(Reuters) - British new car sales fell by roughly 20 percent in September, according to preliminary data from an industry body on Thursday, as carmakers struggled to adjust to stricter emissions standards.
On Sept. 1, Worldwide Harmonised Light Vehicle Test Procedure (WLTP) came into force in the European Union, which led some brands to incentivise sales in August, pulling forward demand.
Certain automakers have been unable to recertify all of their models in time, also disrupting sales in September, which is a key selling month in Britain as one of only two occasions when a new licence plate series is introduced.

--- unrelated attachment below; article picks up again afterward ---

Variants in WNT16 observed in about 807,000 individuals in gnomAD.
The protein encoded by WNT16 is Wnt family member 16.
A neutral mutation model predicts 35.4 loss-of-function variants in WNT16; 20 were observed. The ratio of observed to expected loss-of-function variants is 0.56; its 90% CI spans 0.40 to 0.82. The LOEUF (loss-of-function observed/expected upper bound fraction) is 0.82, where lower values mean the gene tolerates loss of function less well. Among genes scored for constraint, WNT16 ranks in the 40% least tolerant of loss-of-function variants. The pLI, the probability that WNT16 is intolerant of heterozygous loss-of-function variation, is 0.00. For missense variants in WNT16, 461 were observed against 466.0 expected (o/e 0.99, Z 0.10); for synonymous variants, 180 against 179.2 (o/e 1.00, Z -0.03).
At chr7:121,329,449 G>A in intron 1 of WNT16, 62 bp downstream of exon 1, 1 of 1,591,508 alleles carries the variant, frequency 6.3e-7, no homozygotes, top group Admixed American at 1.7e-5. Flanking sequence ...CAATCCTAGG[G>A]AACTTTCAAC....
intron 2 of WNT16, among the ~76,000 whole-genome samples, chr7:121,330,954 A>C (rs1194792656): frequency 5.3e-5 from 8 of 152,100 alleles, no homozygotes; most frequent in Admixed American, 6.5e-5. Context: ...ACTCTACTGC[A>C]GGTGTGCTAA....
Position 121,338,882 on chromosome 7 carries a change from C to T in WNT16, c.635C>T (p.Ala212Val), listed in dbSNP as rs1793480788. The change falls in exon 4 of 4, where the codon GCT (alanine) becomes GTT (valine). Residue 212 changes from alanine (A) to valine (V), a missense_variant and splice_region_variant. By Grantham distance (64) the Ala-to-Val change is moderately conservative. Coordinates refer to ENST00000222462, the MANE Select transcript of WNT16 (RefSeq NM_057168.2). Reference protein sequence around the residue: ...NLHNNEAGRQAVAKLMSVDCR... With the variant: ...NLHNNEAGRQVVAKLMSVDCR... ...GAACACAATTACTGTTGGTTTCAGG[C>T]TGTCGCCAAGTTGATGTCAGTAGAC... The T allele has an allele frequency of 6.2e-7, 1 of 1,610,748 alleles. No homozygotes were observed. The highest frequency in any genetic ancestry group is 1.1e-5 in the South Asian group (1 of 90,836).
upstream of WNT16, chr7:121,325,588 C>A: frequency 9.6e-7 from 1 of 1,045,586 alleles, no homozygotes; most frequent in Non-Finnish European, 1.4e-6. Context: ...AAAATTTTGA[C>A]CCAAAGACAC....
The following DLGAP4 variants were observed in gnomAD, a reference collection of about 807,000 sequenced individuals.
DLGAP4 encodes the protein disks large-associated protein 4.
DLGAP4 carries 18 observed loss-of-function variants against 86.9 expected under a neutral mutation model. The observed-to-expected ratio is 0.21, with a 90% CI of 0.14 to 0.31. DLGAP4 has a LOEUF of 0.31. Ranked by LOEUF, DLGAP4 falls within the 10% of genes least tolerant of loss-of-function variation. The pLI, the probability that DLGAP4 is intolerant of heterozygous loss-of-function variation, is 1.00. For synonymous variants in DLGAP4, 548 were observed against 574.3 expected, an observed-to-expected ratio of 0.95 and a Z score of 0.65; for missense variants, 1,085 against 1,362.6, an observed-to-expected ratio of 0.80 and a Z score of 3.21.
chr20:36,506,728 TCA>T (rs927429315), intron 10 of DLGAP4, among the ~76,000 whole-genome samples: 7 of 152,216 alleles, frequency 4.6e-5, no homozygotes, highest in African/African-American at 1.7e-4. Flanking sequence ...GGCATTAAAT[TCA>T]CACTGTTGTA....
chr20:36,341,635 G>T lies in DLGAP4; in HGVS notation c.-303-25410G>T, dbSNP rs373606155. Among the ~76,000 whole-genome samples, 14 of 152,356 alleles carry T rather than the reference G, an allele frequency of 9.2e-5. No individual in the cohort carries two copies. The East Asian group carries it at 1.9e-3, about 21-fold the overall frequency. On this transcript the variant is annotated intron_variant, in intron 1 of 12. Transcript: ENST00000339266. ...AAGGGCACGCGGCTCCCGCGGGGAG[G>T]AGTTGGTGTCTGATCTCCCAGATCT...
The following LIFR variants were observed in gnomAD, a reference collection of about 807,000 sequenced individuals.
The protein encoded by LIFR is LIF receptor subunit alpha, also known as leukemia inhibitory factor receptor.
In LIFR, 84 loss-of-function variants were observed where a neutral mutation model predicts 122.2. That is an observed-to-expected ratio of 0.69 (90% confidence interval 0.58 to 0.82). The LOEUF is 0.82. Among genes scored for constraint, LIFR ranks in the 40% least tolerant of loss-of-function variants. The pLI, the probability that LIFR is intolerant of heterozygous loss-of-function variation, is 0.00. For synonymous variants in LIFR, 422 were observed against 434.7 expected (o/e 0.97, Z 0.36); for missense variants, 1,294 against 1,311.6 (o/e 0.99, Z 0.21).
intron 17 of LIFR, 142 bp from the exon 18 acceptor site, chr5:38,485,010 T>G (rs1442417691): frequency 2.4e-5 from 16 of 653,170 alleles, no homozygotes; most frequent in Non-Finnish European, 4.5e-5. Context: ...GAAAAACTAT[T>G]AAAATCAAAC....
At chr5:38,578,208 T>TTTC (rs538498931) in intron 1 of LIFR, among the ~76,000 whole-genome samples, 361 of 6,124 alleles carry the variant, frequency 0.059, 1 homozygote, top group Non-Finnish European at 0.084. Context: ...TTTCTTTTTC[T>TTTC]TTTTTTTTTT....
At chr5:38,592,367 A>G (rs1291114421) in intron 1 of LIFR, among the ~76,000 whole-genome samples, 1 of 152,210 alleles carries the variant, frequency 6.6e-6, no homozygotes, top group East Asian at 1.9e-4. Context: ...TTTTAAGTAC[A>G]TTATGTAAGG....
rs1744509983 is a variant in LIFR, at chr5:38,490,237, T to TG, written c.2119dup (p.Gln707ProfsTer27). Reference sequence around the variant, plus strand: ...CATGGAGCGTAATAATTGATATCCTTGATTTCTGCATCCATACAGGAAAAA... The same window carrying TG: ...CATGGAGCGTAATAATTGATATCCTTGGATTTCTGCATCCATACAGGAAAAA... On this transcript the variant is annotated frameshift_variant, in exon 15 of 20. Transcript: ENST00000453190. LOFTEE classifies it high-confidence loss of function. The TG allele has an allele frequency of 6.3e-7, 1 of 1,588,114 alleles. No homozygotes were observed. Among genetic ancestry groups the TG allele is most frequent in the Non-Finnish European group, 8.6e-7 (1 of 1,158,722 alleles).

Europe’s second-largest car market has also been hit by double-digit drops in diesel sales due to uncertainty over government policy and a subsequent levy hike, the Society of Motor Manufacturers and Traders (SMMT) has previously said.
Since hitting record highs in 2015 and 2016, car registrations have fallen in Britain, also impacted by Britain’s imminent departure from the European Union, the SMMT has said.
Volumes were down among both private and business buyers, according to the initial data.
The industry body will publish final figures at 0800 GMT on Thursday.
Reporting by Costas Pitas; editing by Stephen Addison